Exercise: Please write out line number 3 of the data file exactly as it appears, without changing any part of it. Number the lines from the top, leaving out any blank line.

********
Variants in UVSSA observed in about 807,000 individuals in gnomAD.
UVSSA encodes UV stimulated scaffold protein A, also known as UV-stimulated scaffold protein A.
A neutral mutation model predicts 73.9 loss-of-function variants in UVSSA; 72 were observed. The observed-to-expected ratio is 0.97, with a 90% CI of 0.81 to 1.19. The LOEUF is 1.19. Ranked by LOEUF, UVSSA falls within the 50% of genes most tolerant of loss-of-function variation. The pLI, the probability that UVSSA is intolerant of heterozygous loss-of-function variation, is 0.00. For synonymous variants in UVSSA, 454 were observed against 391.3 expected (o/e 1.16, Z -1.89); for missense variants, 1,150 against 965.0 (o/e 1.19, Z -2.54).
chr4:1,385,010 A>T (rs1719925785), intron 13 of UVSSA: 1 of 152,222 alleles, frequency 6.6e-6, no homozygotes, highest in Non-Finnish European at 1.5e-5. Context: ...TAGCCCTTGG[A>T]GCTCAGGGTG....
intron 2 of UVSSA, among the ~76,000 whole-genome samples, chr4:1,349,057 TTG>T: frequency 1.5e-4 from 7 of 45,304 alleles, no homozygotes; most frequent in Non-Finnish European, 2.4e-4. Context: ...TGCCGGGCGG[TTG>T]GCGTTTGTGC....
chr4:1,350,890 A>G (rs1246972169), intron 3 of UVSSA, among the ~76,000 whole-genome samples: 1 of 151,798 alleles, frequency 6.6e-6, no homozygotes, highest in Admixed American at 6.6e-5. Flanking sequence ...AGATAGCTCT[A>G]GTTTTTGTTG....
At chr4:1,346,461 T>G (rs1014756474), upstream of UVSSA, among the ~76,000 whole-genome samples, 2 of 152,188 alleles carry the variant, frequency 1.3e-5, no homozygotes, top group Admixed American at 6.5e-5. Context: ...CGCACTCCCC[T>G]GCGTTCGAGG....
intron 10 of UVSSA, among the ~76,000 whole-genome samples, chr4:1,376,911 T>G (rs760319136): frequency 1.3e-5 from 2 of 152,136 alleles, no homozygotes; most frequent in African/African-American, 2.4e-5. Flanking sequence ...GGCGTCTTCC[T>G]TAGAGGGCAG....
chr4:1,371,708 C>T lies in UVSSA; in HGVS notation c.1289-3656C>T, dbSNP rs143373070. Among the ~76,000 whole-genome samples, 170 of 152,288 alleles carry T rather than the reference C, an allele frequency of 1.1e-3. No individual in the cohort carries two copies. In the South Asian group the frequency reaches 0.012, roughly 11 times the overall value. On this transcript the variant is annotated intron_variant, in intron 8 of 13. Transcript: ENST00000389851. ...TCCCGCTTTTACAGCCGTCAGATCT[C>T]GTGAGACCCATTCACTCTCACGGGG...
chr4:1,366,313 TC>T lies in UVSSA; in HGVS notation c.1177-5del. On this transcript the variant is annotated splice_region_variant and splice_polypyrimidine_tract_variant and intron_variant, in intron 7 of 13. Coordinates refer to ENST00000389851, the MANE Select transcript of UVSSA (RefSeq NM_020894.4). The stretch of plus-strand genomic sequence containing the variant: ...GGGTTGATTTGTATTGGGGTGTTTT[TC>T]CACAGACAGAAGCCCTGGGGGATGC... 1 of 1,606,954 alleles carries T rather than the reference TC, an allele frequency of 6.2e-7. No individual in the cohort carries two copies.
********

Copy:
A neutral mutation model predicts 73.9 loss-of-function variants in UVSSA; 72 were observed. The observed-to-expected ratio is 0.97, with a 90% CI of 0.81 to 1.19. The LOEUF is 1.19. Ranked by LOEUF, UVSSA falls within the 50% of genes most tolerant of loss-of-function variation. The pLI, the probability that UVSSA is intolerant of heterozygous loss-of-function variation, is 0.00. For synonymous variants in UVSSA, 454 were observed against 391.3 expected (o/e 1.16, Z -1.89); for missense variants, 1,150 against 965.0 (o/e 1.19, Z -2.54).